Wednesday dawned overcast and grey so it was perfect weather to take a longer trip in the car. I have previously called Nice my “happy place” – I love it, so even a short purposeful return was fine by me, and I was hoping to pay my respects at the site of the terrible Bastille day tragedy. Our plan was to head straight to the Russian Cathedral, as two years ago when we were there it was closed for renovation.
Having found the Cathedral (set in a peaceful park), we were all suitably blown away by its exterior presence. It is beautiful, colourful and quite magnificent. Walking around the outside of the church, it was easy to stand gazing at the design and architecture as the golden decor glistened in the sun. It is a compelling sight.
On entering we were disappointed that no photography is allowed, but the images, the icons, the painted roof and walls will be easily remembered. Some of the images were embroidered with the tiniest beads and jewels and there was much gold on display.
After the Cathedral visit we intended to try and find a park close to the memorial site on the Promenade des Anglais, so we could all fully pay our respects to those lost on July 14, but sadly that was not to be, however we were able to drive past the moving memorials which Dave had seen a few days ago.
Antibes holds a special place in my heart – we have been there twice and it is a wonderful place to spend some time. On our last visit, many streets sported large hanging baskets of purple bougainvillea in full profusion – today they bloomed with muted red begonias.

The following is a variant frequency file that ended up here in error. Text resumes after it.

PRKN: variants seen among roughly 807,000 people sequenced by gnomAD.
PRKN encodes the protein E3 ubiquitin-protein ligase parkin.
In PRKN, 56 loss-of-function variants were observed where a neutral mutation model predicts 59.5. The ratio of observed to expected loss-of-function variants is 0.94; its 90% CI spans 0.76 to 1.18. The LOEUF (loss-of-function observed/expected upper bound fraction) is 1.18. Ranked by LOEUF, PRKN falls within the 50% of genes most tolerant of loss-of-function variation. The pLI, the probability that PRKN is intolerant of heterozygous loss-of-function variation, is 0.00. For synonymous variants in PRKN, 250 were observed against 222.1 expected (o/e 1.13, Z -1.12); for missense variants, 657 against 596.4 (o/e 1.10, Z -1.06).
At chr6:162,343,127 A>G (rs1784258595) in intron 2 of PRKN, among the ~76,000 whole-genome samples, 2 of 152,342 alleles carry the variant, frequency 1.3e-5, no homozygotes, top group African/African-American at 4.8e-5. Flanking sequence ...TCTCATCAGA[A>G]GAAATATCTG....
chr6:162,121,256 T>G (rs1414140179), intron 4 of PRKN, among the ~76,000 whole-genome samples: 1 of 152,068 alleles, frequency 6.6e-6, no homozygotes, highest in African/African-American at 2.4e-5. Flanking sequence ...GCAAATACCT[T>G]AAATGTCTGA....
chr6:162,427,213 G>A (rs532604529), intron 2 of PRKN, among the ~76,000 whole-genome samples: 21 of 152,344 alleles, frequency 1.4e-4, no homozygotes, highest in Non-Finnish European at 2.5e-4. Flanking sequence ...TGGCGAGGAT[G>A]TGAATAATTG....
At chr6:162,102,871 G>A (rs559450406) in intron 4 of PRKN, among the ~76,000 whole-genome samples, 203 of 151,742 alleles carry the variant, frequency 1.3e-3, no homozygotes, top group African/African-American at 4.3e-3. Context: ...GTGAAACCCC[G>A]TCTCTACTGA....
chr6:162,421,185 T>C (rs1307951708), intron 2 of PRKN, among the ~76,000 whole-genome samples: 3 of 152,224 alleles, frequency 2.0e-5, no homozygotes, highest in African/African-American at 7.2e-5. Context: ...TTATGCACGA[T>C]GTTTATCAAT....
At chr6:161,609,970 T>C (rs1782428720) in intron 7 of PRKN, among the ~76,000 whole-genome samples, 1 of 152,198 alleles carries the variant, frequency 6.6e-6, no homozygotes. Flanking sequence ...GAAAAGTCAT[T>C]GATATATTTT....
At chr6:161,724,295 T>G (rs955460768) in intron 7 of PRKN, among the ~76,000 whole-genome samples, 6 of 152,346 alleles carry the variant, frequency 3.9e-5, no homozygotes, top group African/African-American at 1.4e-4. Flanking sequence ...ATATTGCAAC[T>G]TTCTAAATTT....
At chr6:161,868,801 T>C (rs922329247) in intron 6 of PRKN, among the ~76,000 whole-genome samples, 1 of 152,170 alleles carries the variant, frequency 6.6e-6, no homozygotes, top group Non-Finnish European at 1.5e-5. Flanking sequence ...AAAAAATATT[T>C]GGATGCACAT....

It had been a long morning so we declared lunch and found a restaurant in a shady square and tucked into some tasty fare – my favourite for me – melon and jambon. We were kept amused by two delightful elderly French women (probably late 70’s) seated nearby, who were both eagerly tucking into steaming black pots of moules – they were so enjoying each other’s company and the food – I surely hope am enjoying my life, food and friendships like that when I get to their stage of life.
We walked up to the sea wall and saw an amazing bronze sculpture – which turned out to be one of a series all around the town by Nicolas Lavarenne. In the marina, one super yacht in particular stood out, towering above all the other vessels moored around it.As it turns out, it is the Dilbar – 600 million dollars worth of boat owned by a Russian billionaire – and the biggest in the world. The marina itself is very pretty with a view across to a very old and impressive fort.
On our return home, a thunderstorm passed through and it began to rain (on our parade) but we managed a barbecued meal nevertheless, and we have been relaxing in the lounge. One thing that would be nice would be to find a good movie we could all watch in English. The only television fare we have had since being in France and Italy has been BBC news, CNN or Euronews – we are well versed in current affairs now!
Tomorrow? I wander the streets of St Tropez alone …